I have a usb-drive which I want to use both as storage (for windows too) and as a (Linux) Bootable. So I have to image the ISO of the linux distribution that I have into a specific partition of my usb drive. Suppose the drive is sdc and I have made two partitions: sdc1 for storage(NTFS) in the beginning and sdc2 (FAT32) following that (I use GParted).

I know that for the simple case of just making the drive bootable we use dd as :

    dd if=name.iso of=/dev/sdc bs=512k

That would of course image the iso in the drive, not the specific partition,making it impossible to use the usb as storage. I thought of using /dev/sdc2 as the destination instead of /dev/sdc but after googling I concluded that's not how it's supposed to work. So why can't I just use /dev/sdc2 ? I tried both:

Writing to /dev/sdc changes any partitions I have made and it creates 2 partitions in the beginning and leaves the rest unallocated, as it's supposed to.Writing to /dev/sdc2 doesn't "mess" with the partitions I have and it just writes in the second partition.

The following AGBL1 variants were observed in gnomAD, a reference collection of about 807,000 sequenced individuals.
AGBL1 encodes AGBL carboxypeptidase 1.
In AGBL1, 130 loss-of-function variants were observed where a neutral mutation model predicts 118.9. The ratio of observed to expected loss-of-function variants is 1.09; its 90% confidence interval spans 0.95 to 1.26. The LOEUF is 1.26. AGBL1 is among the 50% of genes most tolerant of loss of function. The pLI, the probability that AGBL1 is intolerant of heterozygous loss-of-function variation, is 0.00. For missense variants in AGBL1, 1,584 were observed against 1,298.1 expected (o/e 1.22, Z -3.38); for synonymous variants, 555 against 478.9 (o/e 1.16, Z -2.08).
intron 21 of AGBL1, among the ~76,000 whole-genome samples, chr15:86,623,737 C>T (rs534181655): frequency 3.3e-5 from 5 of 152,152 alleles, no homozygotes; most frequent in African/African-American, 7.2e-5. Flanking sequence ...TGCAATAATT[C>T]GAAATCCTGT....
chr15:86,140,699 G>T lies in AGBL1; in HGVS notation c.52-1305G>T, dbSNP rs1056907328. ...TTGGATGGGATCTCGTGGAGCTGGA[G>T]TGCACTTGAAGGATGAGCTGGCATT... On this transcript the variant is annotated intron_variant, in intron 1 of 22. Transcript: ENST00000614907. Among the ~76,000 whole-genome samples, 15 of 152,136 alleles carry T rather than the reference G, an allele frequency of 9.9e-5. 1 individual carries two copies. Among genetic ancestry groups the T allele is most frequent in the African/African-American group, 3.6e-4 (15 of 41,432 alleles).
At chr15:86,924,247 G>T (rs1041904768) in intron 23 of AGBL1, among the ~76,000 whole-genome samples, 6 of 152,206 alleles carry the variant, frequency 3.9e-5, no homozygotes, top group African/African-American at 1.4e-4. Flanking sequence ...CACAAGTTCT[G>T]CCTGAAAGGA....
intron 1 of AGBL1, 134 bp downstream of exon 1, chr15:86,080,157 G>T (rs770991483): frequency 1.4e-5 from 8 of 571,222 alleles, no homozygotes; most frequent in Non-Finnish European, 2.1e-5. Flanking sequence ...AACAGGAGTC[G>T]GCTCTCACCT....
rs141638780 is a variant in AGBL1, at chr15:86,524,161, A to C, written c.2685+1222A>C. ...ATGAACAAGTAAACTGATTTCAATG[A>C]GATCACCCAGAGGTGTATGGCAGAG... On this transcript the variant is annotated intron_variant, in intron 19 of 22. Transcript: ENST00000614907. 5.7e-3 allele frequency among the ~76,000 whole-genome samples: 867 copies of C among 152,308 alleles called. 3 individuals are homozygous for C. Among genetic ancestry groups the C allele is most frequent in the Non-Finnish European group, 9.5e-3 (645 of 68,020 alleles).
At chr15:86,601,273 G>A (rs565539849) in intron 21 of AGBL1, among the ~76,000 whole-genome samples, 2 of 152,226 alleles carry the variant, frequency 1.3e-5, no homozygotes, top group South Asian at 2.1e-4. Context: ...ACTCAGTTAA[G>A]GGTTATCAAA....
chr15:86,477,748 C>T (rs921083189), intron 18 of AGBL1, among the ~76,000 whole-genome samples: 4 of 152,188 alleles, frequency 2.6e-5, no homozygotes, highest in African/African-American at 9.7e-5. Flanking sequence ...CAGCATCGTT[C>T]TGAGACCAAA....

So what do I have to do? Do I have to partition the drive in another way (I've read this How do I partition a USB drive so that it's bootable and has a Windows-compatible data storage partition?) ?

Having done the partition correctly, how must I use dd to write in a specific partition?


1 Answer 1


dd-ing the ISO to a partition doesn't work because the ISO itself contains a partition table, as you discovered. But what you can do is create your partitions after the fact.

  1. dd the ISO to the entire USB disk (ex. sdc)
  2. Add any additional partitions using a partitioning tool.

You mentioned the ISO creates two partitions, so that means you can create at most two additional primary partitions.

  • If I dd the iso first, then it creates the two partitions in the beginning. Windows only sees the first partition on a drive.Can I move these to the end and then add another primary partition in the beginning?
    – Arbiter
    Commented Jul 4, 2017 at 19:49
  • Oh, Windows, why must you be so difficult! Hmm... With the ISO dd'd and the drive connected to your PC, do you see any symlinks in /dev/disk/by-* pointing to the two partitions? My first thought was no, that the bootloader is expecting the partitions to be as they are. But, perhaps it's using either a partition or filesystem label to detect them. If the latter is the case, then the partition order won't matter. Commented Jul 4, 2017 at 20:17

Not the answer you're looking for? Browse other questions tagged .